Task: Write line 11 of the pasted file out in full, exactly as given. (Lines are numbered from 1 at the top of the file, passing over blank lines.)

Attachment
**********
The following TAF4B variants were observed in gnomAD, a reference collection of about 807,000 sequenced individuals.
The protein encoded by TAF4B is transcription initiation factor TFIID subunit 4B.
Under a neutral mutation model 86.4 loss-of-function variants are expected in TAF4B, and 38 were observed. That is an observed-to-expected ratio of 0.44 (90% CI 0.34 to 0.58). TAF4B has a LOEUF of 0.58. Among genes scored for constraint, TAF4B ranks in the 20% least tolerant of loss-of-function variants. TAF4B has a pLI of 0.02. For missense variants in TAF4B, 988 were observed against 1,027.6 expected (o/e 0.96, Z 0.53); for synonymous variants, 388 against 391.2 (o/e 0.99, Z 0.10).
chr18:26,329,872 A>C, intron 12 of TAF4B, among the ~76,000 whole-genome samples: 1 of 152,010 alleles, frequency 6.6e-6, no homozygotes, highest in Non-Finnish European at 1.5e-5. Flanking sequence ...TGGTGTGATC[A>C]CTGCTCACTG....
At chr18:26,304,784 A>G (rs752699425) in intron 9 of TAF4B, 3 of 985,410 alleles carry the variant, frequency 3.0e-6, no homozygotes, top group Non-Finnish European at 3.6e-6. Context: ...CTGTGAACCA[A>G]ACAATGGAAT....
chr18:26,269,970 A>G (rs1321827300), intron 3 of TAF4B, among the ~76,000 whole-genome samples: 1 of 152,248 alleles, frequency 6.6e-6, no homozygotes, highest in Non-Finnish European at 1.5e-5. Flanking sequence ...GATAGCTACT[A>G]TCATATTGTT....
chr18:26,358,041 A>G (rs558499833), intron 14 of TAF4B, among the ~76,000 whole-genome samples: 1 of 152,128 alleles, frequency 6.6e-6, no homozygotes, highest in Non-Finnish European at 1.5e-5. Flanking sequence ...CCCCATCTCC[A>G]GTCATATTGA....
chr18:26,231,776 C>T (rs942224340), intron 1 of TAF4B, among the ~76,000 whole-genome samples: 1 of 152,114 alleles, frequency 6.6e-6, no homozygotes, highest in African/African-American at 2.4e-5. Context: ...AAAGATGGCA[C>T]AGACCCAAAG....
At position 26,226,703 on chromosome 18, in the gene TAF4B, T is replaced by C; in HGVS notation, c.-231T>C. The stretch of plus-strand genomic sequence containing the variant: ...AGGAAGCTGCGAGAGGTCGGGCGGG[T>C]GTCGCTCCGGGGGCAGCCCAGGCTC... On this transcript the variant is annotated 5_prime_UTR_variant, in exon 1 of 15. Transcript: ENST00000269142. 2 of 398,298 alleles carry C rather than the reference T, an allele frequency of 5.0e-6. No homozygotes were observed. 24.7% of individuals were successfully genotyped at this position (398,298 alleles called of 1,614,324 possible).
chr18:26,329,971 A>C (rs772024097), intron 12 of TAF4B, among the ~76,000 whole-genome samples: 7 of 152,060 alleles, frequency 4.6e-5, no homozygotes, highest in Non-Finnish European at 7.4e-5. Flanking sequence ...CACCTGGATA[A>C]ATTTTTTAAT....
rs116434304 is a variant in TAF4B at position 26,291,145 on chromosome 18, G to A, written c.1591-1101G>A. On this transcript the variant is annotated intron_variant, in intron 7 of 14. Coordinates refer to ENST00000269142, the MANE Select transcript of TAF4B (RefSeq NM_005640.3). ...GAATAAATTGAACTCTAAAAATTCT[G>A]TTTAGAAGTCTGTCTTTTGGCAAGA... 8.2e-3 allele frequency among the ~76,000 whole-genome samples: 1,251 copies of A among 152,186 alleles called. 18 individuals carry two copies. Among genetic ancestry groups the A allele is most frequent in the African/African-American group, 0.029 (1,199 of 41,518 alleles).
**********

rs116434304 is a variant in TAF4B at position 26,291,145 on chromosome 18, G to A, written c.1591-1101G>A. On this transcript the variant is annotated intron_variant, in intron 7 of 14. Coordinates refer to ENST00000269142, the MANE Select transcript of TAF4B (RefSeq NM_005640.3). ...GAATAAATTGAACTCTAAAAATTCT[G>A]TTTAGAAGTCTGTCTTTTGGCAAGA... 8.2e-3 allele frequency among the ~76,000 whole-genome samples: 1,251 copies of A among 152,186 alleles called. 18 individuals carry two copies. Among genetic ancestry groups the A allele is most frequent in the African/African-American group, 0.029 (1,199 of 41,518 alleles).